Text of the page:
The workshop focuses on on-line methods to investigate children's language processing mechanisms, including (a) behavioral methods (reaction-time tasks) such as monitoring, probe/prime latencies, and self-paced reading, (b) free-viewing eye-tracking, (c) electrophysiological measures such as brain event-related potentials (ERPs), and (d) functional neuroimaging. A separate panel of the workshop will be dedicated to each of the four methods, introduced by an invited talk and followed by four other talks chosen from submitted abstracts.
This workshop is funded by the National Science Foundation.
Susan Bookheimer (UCLA): Functional neuroimaging
Helen Cairns (CUNY): On-line methods in children's language processing: Looking into the future
Harald Clahsen (University of Essex): Behavioral methods
Angela Friederici (Max Planck Institute for Human Cognitive and Brain Sciences): Electrophysiological methods
John Trueswell (University of Pennsylvania): Free-viewing eye-tracking
CALL FOR SUBMISSIONS
We are soliciting abstracts for paper or poster presentations, on new and original research in experimental developmental psycholinguistics using on-line methods to study child language processing. Topics from any aspect of child language processing are welcome, ranging from the development and operation of mechanisms for sound perception and production to the development and operation of mechanisms for higher-level discourse processing. Abstracts from junior scholars are especially encouraged.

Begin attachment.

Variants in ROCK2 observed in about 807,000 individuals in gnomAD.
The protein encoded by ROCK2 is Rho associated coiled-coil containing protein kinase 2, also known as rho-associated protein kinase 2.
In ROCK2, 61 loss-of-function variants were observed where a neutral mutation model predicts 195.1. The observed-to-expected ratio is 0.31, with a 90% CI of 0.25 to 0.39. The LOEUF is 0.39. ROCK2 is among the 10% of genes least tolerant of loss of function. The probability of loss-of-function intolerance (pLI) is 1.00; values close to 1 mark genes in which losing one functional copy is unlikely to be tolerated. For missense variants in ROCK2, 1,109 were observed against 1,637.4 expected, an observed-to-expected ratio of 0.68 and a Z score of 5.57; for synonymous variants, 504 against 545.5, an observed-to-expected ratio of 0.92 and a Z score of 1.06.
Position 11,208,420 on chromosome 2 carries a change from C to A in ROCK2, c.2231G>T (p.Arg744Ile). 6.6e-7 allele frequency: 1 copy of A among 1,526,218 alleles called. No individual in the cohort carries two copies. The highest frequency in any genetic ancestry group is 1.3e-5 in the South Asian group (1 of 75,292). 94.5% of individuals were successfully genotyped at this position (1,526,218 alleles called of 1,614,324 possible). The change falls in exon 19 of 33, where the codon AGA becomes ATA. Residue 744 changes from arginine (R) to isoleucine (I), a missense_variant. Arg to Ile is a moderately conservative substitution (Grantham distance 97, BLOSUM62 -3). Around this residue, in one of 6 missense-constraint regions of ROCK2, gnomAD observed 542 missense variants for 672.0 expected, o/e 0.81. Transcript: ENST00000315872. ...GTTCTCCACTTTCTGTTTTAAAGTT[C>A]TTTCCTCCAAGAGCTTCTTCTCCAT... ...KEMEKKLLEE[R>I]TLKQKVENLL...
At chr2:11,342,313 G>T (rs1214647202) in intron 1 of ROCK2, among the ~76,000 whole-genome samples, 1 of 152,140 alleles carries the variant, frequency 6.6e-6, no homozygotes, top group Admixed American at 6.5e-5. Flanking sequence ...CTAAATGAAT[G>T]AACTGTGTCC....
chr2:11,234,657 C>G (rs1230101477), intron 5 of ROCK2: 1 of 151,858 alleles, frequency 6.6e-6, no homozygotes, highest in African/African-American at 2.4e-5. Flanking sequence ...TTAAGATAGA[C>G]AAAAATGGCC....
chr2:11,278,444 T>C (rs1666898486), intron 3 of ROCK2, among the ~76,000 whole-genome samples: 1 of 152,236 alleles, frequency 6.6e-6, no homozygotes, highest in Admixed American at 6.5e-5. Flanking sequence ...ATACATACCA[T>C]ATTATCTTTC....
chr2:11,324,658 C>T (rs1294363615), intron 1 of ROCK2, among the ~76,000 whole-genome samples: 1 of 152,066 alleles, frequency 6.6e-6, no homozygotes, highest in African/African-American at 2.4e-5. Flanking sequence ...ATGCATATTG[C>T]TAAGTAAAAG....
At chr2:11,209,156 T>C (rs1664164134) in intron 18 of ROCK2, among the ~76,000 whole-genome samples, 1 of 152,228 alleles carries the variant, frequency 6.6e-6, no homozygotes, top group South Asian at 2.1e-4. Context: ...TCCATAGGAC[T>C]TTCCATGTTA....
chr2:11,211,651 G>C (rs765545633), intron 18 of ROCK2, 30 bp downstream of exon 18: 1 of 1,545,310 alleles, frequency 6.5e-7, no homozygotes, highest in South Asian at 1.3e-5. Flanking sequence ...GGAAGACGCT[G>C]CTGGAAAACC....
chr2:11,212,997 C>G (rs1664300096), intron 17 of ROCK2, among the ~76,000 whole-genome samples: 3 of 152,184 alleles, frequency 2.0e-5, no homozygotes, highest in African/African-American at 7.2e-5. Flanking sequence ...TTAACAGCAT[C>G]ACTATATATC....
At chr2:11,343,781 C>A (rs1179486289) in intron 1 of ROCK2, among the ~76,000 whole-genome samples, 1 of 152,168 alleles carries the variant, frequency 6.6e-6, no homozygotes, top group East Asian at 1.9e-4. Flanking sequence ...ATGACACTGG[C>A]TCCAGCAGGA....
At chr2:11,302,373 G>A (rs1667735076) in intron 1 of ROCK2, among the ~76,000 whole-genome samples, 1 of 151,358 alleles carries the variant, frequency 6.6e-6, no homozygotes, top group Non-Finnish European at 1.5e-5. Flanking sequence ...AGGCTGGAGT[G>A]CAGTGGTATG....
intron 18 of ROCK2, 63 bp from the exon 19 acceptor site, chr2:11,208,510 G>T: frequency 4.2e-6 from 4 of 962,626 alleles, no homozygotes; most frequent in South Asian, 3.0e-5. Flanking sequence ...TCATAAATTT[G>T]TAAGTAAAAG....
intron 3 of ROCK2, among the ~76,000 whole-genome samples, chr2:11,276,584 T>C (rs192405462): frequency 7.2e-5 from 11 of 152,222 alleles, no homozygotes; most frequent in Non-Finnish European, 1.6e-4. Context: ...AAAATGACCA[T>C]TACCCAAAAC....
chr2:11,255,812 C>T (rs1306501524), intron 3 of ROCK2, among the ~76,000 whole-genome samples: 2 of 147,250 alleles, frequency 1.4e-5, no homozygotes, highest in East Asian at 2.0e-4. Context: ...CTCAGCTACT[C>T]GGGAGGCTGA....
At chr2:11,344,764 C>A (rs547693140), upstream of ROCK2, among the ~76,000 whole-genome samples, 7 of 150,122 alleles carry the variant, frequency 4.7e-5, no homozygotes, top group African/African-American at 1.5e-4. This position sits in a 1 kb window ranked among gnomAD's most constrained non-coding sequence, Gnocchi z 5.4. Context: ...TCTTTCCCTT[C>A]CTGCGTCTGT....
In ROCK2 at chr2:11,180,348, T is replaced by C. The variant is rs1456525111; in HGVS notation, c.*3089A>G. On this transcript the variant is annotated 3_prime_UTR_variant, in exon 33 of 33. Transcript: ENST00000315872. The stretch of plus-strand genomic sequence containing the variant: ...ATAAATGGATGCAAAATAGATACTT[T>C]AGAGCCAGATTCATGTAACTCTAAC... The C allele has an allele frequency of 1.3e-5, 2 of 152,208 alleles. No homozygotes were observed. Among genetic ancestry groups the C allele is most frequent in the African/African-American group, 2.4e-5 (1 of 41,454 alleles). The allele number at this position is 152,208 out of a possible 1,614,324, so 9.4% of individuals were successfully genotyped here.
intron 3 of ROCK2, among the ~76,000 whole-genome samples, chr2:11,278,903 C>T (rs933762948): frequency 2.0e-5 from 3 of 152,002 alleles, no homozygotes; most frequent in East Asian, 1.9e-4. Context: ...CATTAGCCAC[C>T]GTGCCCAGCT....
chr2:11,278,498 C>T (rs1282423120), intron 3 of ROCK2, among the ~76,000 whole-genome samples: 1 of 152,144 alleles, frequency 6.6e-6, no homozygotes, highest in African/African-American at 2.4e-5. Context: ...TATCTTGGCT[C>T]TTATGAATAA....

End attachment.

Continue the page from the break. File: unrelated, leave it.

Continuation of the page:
Abstracts should not exceed 500 words. Submissions are restricted to 1 individual and 1 joint abstract per author. A system for electronic abstract submission will be made available from the conference website, http://qcpages.qc.cuny.edu/~efernand/childlang/.
Deadline for abstract submissions: December 15, 2005
Notification of acceptance: February 1, 2006
Travel grants will be awarded to graduate student presenters.
Invited papers and a selection of the submitted papers from the workshop will be published in a volume tentatively titled On-Line Methods in Child Language Processing.
FOR MORE INFORMATION, PLEASE EMAIL (childlanggmail.com) OR VISIT THE WORKSHOP WEBSITE (http://qcpages.qc.cuny.edu/~efernand/childlang/)
Irina A. Sekerina, College of Staten Island and Graduate Center, CUNY
Eva M. Fernández, Queens College and Graduate Center, CUNY